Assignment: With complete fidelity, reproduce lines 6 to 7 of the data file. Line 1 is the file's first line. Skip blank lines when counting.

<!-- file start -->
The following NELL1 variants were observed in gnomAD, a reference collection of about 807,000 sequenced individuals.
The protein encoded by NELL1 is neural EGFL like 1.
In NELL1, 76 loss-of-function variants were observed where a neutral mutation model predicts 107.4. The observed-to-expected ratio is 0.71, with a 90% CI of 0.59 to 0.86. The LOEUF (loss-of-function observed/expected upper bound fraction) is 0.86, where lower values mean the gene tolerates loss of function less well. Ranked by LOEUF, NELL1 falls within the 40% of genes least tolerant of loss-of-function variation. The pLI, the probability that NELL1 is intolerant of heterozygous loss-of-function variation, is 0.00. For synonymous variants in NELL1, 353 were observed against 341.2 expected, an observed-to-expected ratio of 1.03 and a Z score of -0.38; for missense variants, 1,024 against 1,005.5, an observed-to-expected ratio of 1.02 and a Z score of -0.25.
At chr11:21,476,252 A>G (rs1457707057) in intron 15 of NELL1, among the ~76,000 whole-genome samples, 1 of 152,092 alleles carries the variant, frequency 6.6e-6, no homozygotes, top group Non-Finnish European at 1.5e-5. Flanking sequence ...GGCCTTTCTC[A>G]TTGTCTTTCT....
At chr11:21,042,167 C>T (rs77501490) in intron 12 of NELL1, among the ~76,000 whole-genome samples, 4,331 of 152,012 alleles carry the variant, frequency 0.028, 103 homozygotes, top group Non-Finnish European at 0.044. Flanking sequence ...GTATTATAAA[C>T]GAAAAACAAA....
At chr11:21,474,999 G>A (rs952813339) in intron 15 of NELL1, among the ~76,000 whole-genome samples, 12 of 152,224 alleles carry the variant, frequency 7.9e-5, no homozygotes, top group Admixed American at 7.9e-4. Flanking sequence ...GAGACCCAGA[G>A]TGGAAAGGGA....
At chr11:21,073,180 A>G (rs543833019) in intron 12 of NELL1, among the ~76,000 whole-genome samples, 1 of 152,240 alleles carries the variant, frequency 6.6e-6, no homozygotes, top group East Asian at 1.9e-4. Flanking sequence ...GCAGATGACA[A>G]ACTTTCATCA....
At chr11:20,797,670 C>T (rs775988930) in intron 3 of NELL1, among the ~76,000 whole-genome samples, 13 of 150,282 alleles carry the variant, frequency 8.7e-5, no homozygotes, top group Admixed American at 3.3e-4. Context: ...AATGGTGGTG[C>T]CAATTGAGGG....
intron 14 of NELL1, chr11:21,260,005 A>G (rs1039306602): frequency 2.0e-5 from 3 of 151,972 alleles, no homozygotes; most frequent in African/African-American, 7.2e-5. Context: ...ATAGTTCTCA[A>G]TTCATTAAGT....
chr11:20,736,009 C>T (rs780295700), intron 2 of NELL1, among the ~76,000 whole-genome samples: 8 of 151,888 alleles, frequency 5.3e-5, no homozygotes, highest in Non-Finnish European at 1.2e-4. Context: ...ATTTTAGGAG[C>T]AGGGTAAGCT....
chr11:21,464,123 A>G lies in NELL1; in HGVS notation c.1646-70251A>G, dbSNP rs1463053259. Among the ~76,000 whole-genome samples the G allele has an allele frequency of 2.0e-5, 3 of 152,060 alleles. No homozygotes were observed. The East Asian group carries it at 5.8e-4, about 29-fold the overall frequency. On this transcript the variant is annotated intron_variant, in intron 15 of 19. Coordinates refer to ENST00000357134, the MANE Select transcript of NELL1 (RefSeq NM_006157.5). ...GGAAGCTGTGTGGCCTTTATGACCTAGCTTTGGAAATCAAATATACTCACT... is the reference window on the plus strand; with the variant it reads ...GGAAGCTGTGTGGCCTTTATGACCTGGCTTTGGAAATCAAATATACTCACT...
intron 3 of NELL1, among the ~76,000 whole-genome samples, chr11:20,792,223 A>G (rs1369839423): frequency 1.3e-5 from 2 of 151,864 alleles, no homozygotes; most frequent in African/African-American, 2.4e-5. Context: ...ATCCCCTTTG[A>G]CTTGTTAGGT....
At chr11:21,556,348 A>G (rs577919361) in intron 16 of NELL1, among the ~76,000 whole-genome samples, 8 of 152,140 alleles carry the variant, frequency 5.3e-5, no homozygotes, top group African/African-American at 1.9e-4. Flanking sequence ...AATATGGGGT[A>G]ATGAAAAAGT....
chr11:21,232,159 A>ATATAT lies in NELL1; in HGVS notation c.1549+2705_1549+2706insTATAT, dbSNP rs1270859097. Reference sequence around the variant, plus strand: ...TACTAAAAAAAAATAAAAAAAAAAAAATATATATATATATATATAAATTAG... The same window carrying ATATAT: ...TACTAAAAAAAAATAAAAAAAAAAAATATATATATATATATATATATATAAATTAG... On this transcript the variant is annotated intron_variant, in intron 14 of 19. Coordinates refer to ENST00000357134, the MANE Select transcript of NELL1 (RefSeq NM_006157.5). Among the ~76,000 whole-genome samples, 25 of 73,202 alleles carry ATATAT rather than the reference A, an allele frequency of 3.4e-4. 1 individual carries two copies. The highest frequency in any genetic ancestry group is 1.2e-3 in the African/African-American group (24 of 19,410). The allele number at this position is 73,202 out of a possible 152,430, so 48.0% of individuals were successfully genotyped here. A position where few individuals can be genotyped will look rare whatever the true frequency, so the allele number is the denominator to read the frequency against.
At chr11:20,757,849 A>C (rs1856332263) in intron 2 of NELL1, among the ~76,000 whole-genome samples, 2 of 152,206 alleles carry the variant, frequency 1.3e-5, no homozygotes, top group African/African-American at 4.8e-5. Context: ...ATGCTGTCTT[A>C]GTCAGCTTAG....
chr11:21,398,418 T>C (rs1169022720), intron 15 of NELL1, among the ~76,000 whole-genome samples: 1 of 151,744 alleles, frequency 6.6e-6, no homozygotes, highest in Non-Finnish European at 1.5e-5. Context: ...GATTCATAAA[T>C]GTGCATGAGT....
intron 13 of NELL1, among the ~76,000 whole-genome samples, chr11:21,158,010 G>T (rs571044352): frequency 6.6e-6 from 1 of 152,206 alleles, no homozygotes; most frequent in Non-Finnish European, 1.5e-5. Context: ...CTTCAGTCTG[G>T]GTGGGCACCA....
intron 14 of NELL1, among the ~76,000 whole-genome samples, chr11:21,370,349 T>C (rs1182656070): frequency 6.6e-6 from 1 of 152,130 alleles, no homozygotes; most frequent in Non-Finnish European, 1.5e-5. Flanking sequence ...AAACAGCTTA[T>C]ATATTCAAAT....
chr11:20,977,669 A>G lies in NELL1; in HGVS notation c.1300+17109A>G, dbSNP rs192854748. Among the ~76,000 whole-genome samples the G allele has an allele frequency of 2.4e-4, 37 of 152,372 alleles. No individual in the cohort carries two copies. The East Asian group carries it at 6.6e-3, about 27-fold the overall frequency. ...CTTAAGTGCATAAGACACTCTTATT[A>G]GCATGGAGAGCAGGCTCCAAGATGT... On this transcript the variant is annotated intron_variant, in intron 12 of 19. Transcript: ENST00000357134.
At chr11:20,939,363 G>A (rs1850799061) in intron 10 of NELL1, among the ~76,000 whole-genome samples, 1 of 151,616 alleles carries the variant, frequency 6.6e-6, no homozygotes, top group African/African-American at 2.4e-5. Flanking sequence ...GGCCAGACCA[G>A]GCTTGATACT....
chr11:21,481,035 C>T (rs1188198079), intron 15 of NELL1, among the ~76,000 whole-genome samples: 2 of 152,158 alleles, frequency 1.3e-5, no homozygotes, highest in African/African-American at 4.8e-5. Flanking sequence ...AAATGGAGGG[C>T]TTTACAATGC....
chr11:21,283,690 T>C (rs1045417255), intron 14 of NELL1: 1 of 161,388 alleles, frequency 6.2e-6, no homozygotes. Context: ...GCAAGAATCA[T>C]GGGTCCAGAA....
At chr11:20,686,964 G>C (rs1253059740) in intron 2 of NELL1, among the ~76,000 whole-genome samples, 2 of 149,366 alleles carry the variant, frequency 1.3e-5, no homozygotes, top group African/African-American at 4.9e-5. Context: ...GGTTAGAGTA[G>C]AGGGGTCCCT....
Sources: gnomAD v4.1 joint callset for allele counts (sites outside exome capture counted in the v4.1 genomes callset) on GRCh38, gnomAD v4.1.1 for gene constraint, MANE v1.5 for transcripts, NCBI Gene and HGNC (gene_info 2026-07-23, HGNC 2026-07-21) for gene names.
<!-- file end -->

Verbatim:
At chr11:21,474,999 G>A (rs952813339) in intron 15 of NELL1, among the ~76,000 whole-genome samples, 12 of 152,224 alleles carry the variant, frequency 7.9e-5, no homozygotes, top group Admixed American at 7.9e-4. Flanking sequence ...GAGACCCAGA[G>A]TGGAAAGGGA....
At chr11:21,073,180 A>G (rs543833019) in intron 12 of NELL1, among the ~76,000 whole-genome samples, 1 of 152,240 alleles carries the variant, frequency 6.6e-6, no homozygotes, top group East Asian at 1.9e-4. Flanking sequence ...GCAGATGACA[A>G]ACTTTCATCA....